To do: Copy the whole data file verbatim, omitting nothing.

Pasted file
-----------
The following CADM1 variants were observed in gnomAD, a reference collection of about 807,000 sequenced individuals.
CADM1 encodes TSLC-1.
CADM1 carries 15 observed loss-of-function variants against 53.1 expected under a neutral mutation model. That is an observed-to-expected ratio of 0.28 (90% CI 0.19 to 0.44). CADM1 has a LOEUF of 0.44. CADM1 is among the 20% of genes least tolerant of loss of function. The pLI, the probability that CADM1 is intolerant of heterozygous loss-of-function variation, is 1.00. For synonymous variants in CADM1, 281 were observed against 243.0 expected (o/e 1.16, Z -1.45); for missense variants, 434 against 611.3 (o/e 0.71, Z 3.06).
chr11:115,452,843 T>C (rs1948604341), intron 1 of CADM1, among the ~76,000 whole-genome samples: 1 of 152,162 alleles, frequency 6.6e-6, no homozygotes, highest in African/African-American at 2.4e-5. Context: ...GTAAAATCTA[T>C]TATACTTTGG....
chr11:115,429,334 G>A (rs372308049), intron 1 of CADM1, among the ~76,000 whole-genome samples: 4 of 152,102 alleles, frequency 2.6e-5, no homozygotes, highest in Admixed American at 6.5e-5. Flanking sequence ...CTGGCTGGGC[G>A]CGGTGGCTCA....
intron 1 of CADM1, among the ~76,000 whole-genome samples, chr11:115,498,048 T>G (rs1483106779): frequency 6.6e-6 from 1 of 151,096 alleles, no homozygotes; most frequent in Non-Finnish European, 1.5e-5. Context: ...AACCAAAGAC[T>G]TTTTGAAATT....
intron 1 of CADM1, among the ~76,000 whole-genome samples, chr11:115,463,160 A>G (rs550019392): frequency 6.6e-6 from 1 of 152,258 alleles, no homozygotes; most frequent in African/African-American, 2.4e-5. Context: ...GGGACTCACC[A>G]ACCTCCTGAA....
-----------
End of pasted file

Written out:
The following CADM1 variants were observed in gnomAD, a reference collection of about 807,000 sequenced individuals.
CADM1 encodes TSLC-1.
CADM1 carries 15 observed loss-of-function variants against 53.1 expected under a neutral mutation model. That is an observed-to-expected ratio of 0.28 (90% CI 0.19 to 0.44). CADM1 has a LOEUF of 0.44. CADM1 is among the 20% of genes least tolerant of loss of function. The pLI, the probability that CADM1 is intolerant of heterozygous loss-of-function variation, is 1.00. For synonymous variants in CADM1, 281 were observed against 243.0 expected (o/e 1.16, Z -1.45); for missense variants, 434 against 611.3 (o/e 0.71, Z 3.06).
chr11:115,452,843 T>C (rs1948604341), intron 1 of CADM1, among the ~76,000 whole-genome samples: 1 of 152,162 alleles, frequency 6.6e-6, no homozygotes, highest in African/African-American at 2.4e-5. Context: ...GTAAAATCTA[T>C]TATACTTTGG....
chr11:115,429,334 G>A (rs372308049), intron 1 of CADM1, among the ~76,000 whole-genome samples: 4 of 152,102 alleles, frequency 2.6e-5, no homozygotes, highest in Admixed American at 6.5e-5. Flanking sequence ...CTGGCTGGGC[G>A]CGGTGGCTCA....
intron 1 of CADM1, among the ~76,000 whole-genome samples, chr11:115,498,048 T>G (rs1483106779): frequency 6.6e-6 from 1 of 151,096 alleles, no homozygotes; most frequent in Non-Finnish European, 1.5e-5. Context: ...AACCAAAGAC[T>G]TTTTGAAATT....
intron 1 of CADM1, among the ~76,000 whole-genome samples, chr11:115,463,160 A>G (rs550019392): frequency 6.6e-6 from 1 of 152,258 alleles, no homozygotes; most frequent in African/African-American, 2.4e-5. Context: ...GGGACTCACC[A>G]ACCTCCTGAA....